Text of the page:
Regenerative farming

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This recent article on discusses a growing number of both nonprofit and for-profit enterprises that are finding new ways for farmers to make money, and in the process to renew the land they use.

In a Zambian valley 61,000 small scale farmers are paid 20% over the market price in return for not killing certain animals. Their output is then used to create premium priced products.

Other projects encourage water conservation, conversion of human sanitation waste into fertiliser, honey bees that increase crop yields wherever they are placed.

Key is the Savory Institute, a non-profit that aims to restore a billion hectares of degraded grasslands around the world by 2025, using a network of rural business incubators.

The general themes? To convert waste into something useful. To leverage synergies between activities, so that the product of the whole becomes larger. To work literally from the ground up, protecting the land and its biodiversity as a first step, and then building human-supporting systems and businesses on top of that.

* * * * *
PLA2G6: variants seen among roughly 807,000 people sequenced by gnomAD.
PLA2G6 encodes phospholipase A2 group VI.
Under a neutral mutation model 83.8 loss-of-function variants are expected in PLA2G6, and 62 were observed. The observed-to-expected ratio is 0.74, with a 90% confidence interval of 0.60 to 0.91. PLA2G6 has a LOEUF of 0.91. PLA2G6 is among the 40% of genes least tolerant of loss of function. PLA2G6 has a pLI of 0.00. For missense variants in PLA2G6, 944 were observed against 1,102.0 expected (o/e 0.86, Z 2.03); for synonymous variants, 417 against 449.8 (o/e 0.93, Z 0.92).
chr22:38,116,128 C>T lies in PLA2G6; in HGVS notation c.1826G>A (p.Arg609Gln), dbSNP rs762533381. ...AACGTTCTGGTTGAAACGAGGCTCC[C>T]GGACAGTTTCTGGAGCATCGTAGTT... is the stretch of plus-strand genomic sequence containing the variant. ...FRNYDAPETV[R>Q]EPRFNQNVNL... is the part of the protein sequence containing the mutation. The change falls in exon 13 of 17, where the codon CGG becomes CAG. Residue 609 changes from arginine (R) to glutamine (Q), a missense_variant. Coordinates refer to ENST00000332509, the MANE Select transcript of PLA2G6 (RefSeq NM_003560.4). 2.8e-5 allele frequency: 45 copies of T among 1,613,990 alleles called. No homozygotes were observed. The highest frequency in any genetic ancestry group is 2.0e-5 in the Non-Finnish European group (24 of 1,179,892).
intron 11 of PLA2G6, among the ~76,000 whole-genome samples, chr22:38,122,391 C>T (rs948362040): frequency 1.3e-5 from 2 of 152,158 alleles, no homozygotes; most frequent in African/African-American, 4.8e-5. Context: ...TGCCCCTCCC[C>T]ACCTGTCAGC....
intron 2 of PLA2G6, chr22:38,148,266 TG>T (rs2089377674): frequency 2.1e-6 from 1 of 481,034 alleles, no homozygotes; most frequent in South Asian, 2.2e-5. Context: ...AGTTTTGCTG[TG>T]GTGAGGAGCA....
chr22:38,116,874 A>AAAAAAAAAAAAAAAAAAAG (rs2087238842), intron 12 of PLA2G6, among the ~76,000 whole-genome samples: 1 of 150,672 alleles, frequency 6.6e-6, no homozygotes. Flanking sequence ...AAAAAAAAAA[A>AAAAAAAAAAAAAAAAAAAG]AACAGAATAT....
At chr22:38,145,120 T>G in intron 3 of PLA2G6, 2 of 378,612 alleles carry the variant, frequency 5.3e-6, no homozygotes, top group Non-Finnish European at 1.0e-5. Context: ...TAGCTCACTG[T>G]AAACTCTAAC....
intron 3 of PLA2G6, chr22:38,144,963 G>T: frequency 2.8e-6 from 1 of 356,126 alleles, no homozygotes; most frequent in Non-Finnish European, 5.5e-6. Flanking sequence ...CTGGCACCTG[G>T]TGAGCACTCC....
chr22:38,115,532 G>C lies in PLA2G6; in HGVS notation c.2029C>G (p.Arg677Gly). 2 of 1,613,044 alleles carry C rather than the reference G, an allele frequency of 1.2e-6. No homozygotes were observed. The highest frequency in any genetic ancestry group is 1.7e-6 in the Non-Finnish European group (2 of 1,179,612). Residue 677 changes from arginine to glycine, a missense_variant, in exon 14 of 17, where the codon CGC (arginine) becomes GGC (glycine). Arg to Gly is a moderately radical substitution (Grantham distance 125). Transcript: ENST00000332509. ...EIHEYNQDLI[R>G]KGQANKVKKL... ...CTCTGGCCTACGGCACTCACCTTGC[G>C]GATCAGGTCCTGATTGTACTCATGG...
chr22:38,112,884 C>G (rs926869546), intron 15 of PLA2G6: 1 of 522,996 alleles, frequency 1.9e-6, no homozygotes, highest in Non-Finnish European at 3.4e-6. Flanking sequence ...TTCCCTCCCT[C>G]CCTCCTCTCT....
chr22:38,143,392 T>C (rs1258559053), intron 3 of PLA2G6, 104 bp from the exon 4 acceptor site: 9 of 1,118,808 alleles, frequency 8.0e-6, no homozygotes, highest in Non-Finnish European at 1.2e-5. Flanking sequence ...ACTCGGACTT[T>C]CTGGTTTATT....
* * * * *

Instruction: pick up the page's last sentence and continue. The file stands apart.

To work, in short, as a generative permabusiness.

Other examples include ecotourism, carbon credit sales and leather, wool and beef certification, which companies such as Patagonia and Stella McCartney want to buy.

Returns are slow, and climate change is making the going difficult. But ultimately the only alternative to generative land use is degenerative land use. And that simply is not sustainable.

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